The Hour Glass of Life
by Harry S. Tordoff
Each day, like tiny grains of sand
In a shapely Hour Glass,
Life is getting out of hand,
And soon becomes “The Past.”
Each day’s the “Tomorrow of Yesterday,”
And “Yesterday” once was “Tomorrow.”
That is how quick life passes away,
With its happiness and sorrow.
So, when we’re tempted to be vengeful;
When our tempers start to flare;
When our moods are dark and hateful
And our attitudes “Don’t Care,”
Let’s think about Time’s fleeting hours
And how short our Lifetime’s Sphere;
Let’s make the most of what is ours
For Tomorrow’ll soon be here.
Each day recedes so very fast…
Their passing we cannot discern;
Each day goes faster than the last
And they never can return.
So, when we borrow “Tomorrow’s Trials”
As a human is apt to do,
We are drinking from poison vials
That will alter “Tomorrow’s” views.
So, think of the hour glass and learn
To make the most of each day;
The good in life, today, discern
And we’ll clear “Tomorrow’s” way.
As grains of sand fall unabated,
Taking with them hours of life,
Let not that life become deflated
By a bitter self-made strife.
A Christmas Story
by Paul Burns
Billy stared at the other boys. Christmas Eve and five of the orphans already had performed for the group. It was Billy’s turn now. Multi-hued eyes gazed at him. Billy stared over at Mr. Everett, the boy’s cottage leader. Stoic, non-committal sitting there in his lumberman’s shirt and beaten-up corduroys, looking more like a farmer than a guidance counselor, Mr. Everett revealed none of the excitement that, not three hours before, had gripped the whole orphanage.
Excitement triggered by Billy’s explosive burst of rebellion at Mr. Everett’s strict discipline, the counselor’s whipping Billy with a belt, Billy’s running away from the orphanage farm… running into the woods in the blinding snow storm… Mr. Everett’s tramping out and finding near-frozen Billy huddled by a dead tree stump, picking the exhausted boy up and carrying Billy back to the cottage.
None of this showed on Mr. Everett’s unemotional face. The counselor’s eyes merely reflected the same boyish joy seen in all the orphans. Simple, primitive joy of a good meal just finished, cheery companionship, a warm fireplace, story-telling, boy-wrestling and Christmas Eve gift-giving: each boy displaying his unique talent for the entire group.
One lad sang a funny song; another performed a magic trick; a third told a ghost story: the fourth, a joke; and now it was Billy’s turn. What could Billy offer up to make the orphan cottage cheery this blustery Christmas Eve? Billy’s body still stung from Mr. Everett’s whipping and his own impetuous flight into the frozen woods. But his heart leapt with sudden gratitude to a Mysterious Maker who had still seen fit to make parentless Billy a boy among boys. One day, our Lord willing, a man among men.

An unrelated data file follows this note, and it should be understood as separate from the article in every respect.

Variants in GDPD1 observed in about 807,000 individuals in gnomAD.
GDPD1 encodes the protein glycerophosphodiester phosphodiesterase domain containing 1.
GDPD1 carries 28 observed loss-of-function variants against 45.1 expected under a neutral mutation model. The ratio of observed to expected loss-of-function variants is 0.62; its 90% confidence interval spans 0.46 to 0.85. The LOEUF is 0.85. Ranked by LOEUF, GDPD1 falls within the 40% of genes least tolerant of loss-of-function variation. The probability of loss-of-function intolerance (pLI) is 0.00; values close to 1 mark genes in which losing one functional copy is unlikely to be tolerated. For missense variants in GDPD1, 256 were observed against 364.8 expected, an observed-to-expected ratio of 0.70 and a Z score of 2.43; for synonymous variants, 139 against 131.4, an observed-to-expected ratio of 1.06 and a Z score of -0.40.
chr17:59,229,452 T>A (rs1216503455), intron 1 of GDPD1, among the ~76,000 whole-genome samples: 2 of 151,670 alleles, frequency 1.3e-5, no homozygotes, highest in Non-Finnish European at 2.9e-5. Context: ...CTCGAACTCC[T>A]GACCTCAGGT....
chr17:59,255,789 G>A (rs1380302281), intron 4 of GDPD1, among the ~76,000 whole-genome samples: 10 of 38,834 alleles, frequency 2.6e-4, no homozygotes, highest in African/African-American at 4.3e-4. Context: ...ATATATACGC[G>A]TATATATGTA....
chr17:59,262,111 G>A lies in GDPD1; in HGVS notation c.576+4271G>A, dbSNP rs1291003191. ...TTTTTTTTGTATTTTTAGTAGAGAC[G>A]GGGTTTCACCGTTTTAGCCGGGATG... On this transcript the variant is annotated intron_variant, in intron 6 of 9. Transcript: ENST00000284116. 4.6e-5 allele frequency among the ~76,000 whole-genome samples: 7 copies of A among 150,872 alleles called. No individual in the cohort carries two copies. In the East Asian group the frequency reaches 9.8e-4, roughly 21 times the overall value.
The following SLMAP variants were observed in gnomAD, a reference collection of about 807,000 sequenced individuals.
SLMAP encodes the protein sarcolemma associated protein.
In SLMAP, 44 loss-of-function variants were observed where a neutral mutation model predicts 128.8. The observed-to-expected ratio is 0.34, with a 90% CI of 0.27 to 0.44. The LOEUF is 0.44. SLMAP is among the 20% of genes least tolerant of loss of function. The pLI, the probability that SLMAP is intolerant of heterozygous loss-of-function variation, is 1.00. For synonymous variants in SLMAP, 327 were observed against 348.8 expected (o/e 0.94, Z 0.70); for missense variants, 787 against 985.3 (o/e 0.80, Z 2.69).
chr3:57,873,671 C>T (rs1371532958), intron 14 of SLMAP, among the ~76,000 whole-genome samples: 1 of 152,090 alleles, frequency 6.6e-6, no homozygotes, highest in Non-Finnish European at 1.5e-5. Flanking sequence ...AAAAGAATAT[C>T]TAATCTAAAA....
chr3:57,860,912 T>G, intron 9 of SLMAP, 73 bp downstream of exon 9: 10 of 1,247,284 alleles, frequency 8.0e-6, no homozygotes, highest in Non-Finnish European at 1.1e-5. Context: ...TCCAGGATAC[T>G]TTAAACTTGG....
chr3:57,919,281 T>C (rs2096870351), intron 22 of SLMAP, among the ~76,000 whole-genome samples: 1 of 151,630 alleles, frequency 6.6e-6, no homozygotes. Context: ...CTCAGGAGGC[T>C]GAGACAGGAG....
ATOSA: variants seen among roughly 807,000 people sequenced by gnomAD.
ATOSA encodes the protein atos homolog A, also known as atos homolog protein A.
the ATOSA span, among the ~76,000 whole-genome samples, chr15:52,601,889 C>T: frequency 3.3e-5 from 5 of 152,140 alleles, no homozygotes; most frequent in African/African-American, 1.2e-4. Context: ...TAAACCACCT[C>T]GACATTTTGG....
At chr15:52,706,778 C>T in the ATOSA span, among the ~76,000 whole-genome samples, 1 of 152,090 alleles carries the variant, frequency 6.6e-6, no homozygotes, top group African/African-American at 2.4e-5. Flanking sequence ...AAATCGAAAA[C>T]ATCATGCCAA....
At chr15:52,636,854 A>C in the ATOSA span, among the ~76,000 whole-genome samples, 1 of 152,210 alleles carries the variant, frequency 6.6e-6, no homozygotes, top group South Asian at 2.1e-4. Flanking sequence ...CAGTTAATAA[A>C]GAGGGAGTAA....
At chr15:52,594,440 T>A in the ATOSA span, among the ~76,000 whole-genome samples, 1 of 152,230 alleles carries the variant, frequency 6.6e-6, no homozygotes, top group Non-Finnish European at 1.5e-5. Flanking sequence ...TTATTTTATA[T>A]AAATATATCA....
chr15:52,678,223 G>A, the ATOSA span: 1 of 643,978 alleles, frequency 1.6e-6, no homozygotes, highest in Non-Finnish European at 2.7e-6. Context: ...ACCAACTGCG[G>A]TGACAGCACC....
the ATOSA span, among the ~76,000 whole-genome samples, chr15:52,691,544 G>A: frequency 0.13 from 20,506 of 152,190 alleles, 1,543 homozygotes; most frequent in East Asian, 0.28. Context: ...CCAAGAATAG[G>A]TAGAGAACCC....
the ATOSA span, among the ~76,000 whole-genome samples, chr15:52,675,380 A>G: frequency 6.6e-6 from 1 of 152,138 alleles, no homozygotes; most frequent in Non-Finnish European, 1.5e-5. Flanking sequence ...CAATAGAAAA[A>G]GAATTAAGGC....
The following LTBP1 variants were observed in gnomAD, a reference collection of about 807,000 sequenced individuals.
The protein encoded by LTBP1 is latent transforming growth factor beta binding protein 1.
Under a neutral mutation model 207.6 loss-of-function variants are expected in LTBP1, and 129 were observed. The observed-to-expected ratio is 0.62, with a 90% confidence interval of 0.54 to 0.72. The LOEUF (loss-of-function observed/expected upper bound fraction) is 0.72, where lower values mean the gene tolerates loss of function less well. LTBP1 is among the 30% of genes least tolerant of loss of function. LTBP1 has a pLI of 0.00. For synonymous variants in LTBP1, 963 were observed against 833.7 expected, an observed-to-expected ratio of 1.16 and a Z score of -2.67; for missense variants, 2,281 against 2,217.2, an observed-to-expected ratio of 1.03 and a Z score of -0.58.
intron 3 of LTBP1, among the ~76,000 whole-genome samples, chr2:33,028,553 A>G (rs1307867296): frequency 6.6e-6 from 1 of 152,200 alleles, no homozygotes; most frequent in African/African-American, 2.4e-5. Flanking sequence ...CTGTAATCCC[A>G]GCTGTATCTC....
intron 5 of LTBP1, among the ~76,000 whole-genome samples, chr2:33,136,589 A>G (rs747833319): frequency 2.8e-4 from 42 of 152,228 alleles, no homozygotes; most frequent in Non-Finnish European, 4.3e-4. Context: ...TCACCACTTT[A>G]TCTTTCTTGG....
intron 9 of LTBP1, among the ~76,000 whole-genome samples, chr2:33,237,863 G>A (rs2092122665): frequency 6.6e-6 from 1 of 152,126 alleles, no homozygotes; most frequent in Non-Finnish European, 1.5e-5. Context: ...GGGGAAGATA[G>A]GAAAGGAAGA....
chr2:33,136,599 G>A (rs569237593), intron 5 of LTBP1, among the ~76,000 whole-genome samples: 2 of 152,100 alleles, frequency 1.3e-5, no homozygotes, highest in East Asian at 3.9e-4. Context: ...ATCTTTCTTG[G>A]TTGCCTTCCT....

Everybody watching… including stern Mr. Everett whose lips looked like they wanted to smile compassionately at Billy.
The boy stood up. Complete silence fell over the entire cottage room. Billy’s eyes bobbed from face to face, sensing in each boy they stared at a quality Billy somehow sensed in himself. Billy drew up his shoulders, sucked in his breath, and leaned his head forward slightly.
Then Billy started wiggling his ears.
Will Christmas Come?
By Velma Lamoreaux
Will Christmas come again this year
To our inflated earth?
Will lilting carols fill the air
And hearts enjoy the mirth?
Or, have our lives been so enslaved
In shadow-boxing fate,
That any thought of “Peace on Earth.
Good Will to Men” must wait?
by Max Barker
Ugly railroad yard
Wears a midnight gown of jewels…
In The Long Ago
by Harry S. Tordoff
Over nineteen centuries ago,
Our Lord came down from Heaven
To accept rewards of earthly sin
That man might be forgiven.
He was blasphemed and spit upon;
He was abused, no end:
Forced to carry a heavy cross
But He remained a stalwart friend.
He came to earth to save mankind;
Came as a little baby…
But gave His all, as boy and man,
To tell His Father’s story.
A Sleigh Ride
by Harry Slocum Tordoff
The runners glide on hard packed snow
That muffles hoofbeats of our horses;
The late afternoon sun sinks low
And our image on the snow’s embossed.
Our breath comes forth as flowing stream;
Our faces are red with the cold,
As Old Jack Frost, so ornery and mean,
Sends his wintery winds so bold.
But we all enjoy a sleigh ride
Along snow covered roads and lanes,
And whatever the course of life betides,
It’s a thrill to hold those reins.
For a sleigh, though today a scarcity,
Gives a sense of exultation,
As those runners glide so silently
Toward our destination.
Contents from U.A.P. Manuscript Bureau
Short Circuit 2 issues are behind due to no fault of my own. Harry S. Tordoff
Short Circuit 2
Harry S. & Etna L. Tordoff
Cranston, R.I., U.S.A. 02920